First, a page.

Yergason test

Yer·ga·son test

(yĕr'gă-sŏn test)
Maneuver to diagnose bicipital tendinitis. With the elbow flexed at 90 degrees, and while the forearm is pronated, the patient supinates the forearm, flexes the elbow, and externally rotates the humerus while the examiner resists these movements and applies downward traction to the elbow. The test result is positive if it elicits pain over the bicipital groove or if the tendon snaps out of the groove.

Yergason test

(yĕr′gă-sŏnz)
[Robert Mosley Yergason, 20th-cent. U.S. physician]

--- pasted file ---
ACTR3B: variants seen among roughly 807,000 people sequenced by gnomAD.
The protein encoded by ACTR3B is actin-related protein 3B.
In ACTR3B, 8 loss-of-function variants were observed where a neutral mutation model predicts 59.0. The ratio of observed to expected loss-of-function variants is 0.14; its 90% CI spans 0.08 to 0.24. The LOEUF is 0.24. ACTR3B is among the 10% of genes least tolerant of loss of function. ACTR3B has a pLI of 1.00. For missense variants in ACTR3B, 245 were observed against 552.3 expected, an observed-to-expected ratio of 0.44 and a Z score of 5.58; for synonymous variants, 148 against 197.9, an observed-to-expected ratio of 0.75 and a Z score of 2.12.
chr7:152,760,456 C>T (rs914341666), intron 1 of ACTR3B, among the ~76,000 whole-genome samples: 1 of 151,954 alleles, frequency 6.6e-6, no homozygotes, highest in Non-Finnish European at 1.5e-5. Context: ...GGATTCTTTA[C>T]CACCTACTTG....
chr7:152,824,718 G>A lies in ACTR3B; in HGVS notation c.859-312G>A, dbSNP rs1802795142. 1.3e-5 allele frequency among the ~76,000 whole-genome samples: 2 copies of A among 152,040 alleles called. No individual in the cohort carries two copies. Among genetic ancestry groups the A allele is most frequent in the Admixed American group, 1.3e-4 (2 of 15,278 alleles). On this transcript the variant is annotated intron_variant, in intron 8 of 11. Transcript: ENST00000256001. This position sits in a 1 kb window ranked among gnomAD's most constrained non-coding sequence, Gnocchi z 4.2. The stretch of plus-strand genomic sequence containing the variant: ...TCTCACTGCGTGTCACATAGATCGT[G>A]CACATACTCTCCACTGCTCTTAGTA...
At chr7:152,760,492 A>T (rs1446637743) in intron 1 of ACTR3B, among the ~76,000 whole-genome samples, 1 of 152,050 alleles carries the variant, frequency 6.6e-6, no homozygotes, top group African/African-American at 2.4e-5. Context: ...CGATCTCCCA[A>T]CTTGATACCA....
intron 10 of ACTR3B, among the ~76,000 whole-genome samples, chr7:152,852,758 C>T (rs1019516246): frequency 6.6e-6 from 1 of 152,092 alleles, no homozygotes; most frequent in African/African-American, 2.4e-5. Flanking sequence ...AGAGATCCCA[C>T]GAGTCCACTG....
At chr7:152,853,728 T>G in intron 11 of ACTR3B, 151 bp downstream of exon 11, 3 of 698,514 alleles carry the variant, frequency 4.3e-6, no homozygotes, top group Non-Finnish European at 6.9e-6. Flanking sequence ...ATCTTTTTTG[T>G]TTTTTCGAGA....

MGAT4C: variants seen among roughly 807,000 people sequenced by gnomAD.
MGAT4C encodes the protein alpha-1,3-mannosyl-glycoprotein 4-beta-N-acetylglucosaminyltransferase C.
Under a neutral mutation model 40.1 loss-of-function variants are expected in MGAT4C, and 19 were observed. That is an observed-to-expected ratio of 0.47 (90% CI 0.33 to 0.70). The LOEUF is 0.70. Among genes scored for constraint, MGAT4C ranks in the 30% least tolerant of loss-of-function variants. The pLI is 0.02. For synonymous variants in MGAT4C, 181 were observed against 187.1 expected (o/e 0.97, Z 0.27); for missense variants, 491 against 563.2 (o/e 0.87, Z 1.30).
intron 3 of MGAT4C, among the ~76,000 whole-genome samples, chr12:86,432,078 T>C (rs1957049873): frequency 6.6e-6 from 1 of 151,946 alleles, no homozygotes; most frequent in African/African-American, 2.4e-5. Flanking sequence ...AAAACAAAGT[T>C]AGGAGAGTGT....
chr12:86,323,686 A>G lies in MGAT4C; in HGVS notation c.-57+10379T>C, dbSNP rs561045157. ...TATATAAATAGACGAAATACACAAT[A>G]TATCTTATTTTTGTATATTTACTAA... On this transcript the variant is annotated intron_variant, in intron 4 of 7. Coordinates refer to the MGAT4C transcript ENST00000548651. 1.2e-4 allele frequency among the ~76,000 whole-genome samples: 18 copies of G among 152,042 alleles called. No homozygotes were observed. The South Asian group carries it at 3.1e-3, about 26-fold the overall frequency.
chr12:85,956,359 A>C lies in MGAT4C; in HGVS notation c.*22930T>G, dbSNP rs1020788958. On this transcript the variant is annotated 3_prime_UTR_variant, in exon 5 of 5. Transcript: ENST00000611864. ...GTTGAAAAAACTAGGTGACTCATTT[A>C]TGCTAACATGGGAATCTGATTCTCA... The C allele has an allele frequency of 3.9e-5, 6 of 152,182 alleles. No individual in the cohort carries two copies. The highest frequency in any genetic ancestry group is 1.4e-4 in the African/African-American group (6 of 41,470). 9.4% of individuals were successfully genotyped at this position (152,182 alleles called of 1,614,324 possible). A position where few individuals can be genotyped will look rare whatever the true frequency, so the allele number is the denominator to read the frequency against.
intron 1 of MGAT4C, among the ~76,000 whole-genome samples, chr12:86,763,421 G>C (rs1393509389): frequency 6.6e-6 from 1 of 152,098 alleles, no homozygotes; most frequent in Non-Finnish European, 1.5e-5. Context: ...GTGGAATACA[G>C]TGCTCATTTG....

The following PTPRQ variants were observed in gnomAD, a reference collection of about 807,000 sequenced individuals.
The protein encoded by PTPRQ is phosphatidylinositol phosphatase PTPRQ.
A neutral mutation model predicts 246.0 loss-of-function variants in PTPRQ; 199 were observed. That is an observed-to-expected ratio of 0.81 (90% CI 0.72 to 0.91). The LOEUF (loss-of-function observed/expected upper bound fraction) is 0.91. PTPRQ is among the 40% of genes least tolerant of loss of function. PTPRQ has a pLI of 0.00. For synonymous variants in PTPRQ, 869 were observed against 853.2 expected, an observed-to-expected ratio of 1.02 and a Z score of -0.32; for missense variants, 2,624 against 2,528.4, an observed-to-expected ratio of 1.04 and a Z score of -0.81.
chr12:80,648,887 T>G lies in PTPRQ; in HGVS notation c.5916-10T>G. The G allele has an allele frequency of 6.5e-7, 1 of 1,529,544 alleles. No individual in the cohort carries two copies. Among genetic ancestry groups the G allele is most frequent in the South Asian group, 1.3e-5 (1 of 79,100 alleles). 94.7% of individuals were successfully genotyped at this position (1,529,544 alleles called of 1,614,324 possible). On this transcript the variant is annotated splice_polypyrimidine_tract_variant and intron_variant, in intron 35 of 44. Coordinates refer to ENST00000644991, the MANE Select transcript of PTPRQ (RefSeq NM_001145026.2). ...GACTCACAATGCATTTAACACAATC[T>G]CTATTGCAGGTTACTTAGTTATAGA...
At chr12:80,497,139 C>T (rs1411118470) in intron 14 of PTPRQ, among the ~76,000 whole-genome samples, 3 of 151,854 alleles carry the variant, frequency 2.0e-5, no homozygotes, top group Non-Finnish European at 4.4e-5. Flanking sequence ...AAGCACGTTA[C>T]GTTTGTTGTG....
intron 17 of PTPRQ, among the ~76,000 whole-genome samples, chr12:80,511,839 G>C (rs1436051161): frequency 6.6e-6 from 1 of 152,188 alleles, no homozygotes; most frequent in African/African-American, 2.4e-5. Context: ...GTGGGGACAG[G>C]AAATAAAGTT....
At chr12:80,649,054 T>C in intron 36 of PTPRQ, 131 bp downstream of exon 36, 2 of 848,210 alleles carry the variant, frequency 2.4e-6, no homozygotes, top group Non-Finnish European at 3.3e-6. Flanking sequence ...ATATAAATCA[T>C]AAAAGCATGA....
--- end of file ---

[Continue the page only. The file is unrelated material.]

A test used to identify subluxation of the long head of the biceps brachii muscle from the bicipital groove caused by disruption of the transverse humeral ligament. The patient is seated, the glenohumeral joint is in the anatomical position, the elbow flexed to 90 degrees, and the forearm supinated to assume the “palm up” position. The evaluator resists the patient as the shoulder is externally rotated and the elbow flexed. A positive test result is marked by a “snapping” sensation as the long head of the biceps brachii subluxates from the bicipital groove, indicating a tear of the transverse humeral ligament.